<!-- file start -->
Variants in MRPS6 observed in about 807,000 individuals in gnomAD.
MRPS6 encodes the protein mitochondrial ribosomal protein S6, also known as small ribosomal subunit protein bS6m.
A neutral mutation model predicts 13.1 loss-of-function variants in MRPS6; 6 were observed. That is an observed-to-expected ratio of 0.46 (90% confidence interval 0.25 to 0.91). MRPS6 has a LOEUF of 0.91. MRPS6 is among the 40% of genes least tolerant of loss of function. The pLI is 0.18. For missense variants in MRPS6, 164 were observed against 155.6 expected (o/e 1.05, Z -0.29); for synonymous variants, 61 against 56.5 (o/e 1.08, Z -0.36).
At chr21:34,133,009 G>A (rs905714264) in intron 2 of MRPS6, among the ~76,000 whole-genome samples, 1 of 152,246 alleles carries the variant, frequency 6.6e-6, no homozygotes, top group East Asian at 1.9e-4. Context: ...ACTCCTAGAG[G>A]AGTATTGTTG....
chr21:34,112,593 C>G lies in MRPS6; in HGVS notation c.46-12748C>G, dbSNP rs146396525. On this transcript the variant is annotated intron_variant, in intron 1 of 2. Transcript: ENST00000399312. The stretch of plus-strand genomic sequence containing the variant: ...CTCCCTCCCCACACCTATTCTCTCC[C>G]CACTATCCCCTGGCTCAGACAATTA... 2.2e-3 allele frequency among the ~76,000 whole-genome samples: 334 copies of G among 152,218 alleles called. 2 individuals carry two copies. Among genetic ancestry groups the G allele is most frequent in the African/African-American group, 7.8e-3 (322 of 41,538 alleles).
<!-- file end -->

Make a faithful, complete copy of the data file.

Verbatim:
Variants in MRPS6 observed in about 807,000 individuals in gnomAD.
MRPS6 encodes the protein mitochondrial ribosomal protein S6, also known as small ribosomal subunit protein bS6m.
A neutral mutation model predicts 13.1 loss-of-function variants in MRPS6; 6 were observed. That is an observed-to-expected ratio of 0.46 (90% confidence interval 0.25 to 0.91). MRPS6 has a LOEUF of 0.91. MRPS6 is among the 40% of genes least tolerant of loss of function. The pLI is 0.18. For missense variants in MRPS6, 164 were observed against 155.6 expected (o/e 1.05, Z -0.29); for synonymous variants, 61 against 56.5 (o/e 1.08, Z -0.36).
At chr21:34,133,009 G>A (rs905714264) in intron 2 of MRPS6, among the ~76,000 whole-genome samples, 1 of 152,246 alleles carries the variant, frequency 6.6e-6, no homozygotes, top group East Asian at 1.9e-4. Context: ...ACTCCTAGAG[G>A]AGTATTGTTG....
chr21:34,112,593 C>G lies in MRPS6; in HGVS notation c.46-12748C>G, dbSNP rs146396525. On this transcript the variant is annotated intron_variant, in intron 1 of 2. Transcript: ENST00000399312. The stretch of plus-strand genomic sequence containing the variant: ...CTCCCTCCCCACACCTATTCTCTCC[C>G]CACTATCCCCTGGCTCAGACAATTA... 2.2e-3 allele frequency among the ~76,000 whole-genome samples: 334 copies of G among 152,218 alleles called. 2 individuals carry two copies. Among genetic ancestry groups the G allele is most frequent in the African/African-American group, 7.8e-3 (322 of 41,538 alleles).